The adventures of Huckleberry Finn is a novel which displays a young boy named Huck's dilemma on whether he should turn in a run away slave named Jim, that he has been helping escape to freedom. Huck must decide upon what he feels is the right thing to do, even if that means going against society and changing his own morals. Huck exemplifies how his opinion of society's beliefs changes throughout this novel.
The main dilemma Huck undergoes in the novel is whether he should turn Jim in or not. This theme is dramatized with Huck's conflict with his conscience, Which really means Huck is deciding between if he thinks society is right or wrong. Slavery is such a broad topic of history, that has been studied time and time again. Many people now would disagree with it, but in the 1800's especially in the south (which is when this all occurred), it was very common and accepted. So, the society Huck lives in is pro slavery. Huck, as such a young boy must figure out what he believes is right and act upon it. He would never want to betray a good friend, but he also wants to do what is right.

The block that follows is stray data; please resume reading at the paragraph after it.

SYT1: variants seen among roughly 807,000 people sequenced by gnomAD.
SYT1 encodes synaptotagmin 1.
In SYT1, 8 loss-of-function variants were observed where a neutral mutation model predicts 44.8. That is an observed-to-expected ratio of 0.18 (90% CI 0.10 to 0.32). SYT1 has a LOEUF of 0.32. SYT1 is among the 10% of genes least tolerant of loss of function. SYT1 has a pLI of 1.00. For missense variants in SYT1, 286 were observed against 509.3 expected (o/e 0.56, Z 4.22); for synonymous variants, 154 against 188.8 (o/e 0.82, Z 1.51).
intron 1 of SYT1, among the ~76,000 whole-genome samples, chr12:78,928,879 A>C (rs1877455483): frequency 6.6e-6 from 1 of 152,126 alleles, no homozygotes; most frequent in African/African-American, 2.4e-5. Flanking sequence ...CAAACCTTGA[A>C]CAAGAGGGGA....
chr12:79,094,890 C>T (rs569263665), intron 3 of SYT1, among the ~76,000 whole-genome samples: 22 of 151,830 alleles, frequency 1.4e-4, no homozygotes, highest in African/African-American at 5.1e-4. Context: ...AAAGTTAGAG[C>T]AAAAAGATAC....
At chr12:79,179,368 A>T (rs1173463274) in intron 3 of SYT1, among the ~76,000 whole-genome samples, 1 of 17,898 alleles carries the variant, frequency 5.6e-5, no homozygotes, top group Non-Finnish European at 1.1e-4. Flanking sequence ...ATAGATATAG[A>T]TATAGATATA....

The story takes place while Huck and Jim are traveling down the Mississippi River, heading toward "free territory". Jim tells Huck his plans of working hard in the north and then eventually coming back, to buy his wife and kids. Meanwhile, Huck has a guilty conscience. Huck feels bad that he is helping Jim escape to freedom, when Miss Watson (who was the lady that owned Jim), never did anything bad to him. In Huck's eyes, what he is doing is wrong, and that is why he feels so guilty. People at this time, did not realize that slavery was a cruel thing, because they thought of slaves more as objects. Huck is going against his society because he feels that Jim is rightfully Miss Watsons "property".
Huck was raised in a society where slaves were not treated like actual human beings, and throughout the story, Huck starts to see that Jim actually has...